Investors digested the somewhat unexpected win of two Georgia Senate seats by the Democrats on Wednesday, completing an apparent so-called blue wave that could have major consequences on the stock market.
Democrat Raphael Warnock beat incumbent Republican Kelly Loeffler in one of Georgia’s two Senate run-offs, and Democrat Jon Ossoff was leading incumbent David Perdue in the other.
If those results hold, that would create a 50-50 split in the Senate but give the Democrats de facto control of the upper chamber since the vice-president can break any tied votes. Functionally, once president-elect Joe Biden is inaugurated later this month that means the Democrats will control both branches of Congress along with the White House, and will have relatively free rein to implement their legislative agenda.
Investors were keenly aware of that fact on Wednesday morning, moving money in and out of sectors and assets that are poised to do well or poorly as a result of the so-called blue wave.
Cannabis stocks were sharply higher, as the Democrats are generally seen as being more open to legalizing the drug for recreational use. Currently, 36 states allow cannabis for medical use and an additional 15 for recreational, but it is still illegal at the federal level, which has hindered companies from growing and expanding.
The four major players in the sector are Canopy Growth, Aurora Cannabis, Aphria and Tilray, and shares in all four were between 10 and 20 per cent higher nearing midday.
“There’s … a greater chance that a Democratic-controlled Senate would support the removal of marijuana from the Controlled Substances Act,” Bloomberg Intelligence analyst Kenneth Shea said in a note to clients on Wednesday morning.
“This could pave the way for populous states such as New York, Connecticut and Pennsylvania to accelerate legalization for recreational use.”
The four companies’ shares all list on the TSX and NYSE, which ties their hands given U.S. federal rules surrounding cannabis because, as Shea put it, “Canadian cannabis producers can’t compete directly in the U.S. while cannabis remains federally prohibited without jeopardizing their listings on the Toronto and New York stock exchanges.” But other cannabis companies that list on smaller U.S. exchanges aren’t as limited, so fared even better in Wednesday trading.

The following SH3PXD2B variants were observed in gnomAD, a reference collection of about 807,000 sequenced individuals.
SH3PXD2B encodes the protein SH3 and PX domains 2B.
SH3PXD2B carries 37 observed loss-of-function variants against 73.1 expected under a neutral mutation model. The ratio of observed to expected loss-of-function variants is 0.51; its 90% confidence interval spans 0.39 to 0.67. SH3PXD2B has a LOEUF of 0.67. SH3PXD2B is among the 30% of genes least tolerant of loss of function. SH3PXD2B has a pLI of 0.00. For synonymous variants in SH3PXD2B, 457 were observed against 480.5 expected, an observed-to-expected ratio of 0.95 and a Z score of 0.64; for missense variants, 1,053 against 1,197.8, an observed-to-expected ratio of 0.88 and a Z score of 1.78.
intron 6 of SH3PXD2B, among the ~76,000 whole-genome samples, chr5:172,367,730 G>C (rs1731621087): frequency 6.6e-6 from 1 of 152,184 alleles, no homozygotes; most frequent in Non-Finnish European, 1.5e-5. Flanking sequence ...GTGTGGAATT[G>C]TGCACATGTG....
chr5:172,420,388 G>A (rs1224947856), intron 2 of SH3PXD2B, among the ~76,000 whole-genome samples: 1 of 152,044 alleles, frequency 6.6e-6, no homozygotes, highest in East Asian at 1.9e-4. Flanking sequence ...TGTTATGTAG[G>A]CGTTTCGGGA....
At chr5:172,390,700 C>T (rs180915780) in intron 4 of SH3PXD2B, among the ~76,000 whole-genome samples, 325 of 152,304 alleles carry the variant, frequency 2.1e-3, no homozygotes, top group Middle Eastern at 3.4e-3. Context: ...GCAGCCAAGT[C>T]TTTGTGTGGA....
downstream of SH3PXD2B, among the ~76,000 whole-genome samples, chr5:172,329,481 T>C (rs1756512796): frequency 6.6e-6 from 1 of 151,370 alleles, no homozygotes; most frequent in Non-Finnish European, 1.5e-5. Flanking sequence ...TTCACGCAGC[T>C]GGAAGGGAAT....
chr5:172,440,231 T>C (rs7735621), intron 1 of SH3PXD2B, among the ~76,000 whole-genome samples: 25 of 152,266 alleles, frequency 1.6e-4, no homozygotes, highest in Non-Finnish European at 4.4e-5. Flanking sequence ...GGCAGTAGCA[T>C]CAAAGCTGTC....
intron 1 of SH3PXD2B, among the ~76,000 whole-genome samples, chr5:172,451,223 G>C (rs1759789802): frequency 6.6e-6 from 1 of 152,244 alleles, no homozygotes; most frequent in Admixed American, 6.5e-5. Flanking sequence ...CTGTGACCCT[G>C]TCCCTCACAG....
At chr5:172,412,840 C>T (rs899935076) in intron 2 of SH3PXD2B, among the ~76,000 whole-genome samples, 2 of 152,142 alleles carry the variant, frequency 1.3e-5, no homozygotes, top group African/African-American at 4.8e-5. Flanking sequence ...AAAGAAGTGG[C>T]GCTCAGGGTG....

Even if full legalization doesn’t happen, cannabis companies stand to benefit from a loosening of a law known as the Secure and Fair Enforcement (SAFE) Banking Act, which makes it harder for cannabis companies to work with legitimate banks.
A Democratic Senate would be likely to repeal or amend SAFE, so: “If Ossoff’s win is confirmed, it means likely cannabis banking becomes possible and the cost of capital comes down,” Chris Damas, president of BCMI Research, a cannabis industry consulting firm, said in an email to CBC News.
Bad day for big tech
Cannabis companies may be a big winner, but big technology shares are an early loser. That’s because huge companies like Facebook, Apple, Amazon, Netflix and Google — the so-called FAANGs — have boomed during the pandemic because of strong demand for their services in the era of lockdowns and millions of people working at home and using more digital services.
But Democrats have threatened to put more scrutiny on such companies to combat their size and reach. Shares in all five of the FAANG stocks listed above were lower on Wednesday.
“What investors are trying to figure out is how quickly the Democrats would be able to introduce their tax agenda if they take control of the Senate, and would they be more likely to act on regulation on big tech,” said Quincy Krosby, chief market strategist at Prudential Financial in Newark, N.J.
Economist Derek Holt with Scotiabank said the market reaction makes sense, because investors are expecting new policies to come in sooner rather than later, if the results hold.
“If the results continue to indicate a blue wave outcome, then I think there will be a rush to implement as much as possible of Biden’s overall platform over the next two years as incumbent administrations often don’t fare so well in Congressional mid-terms,” Holt said.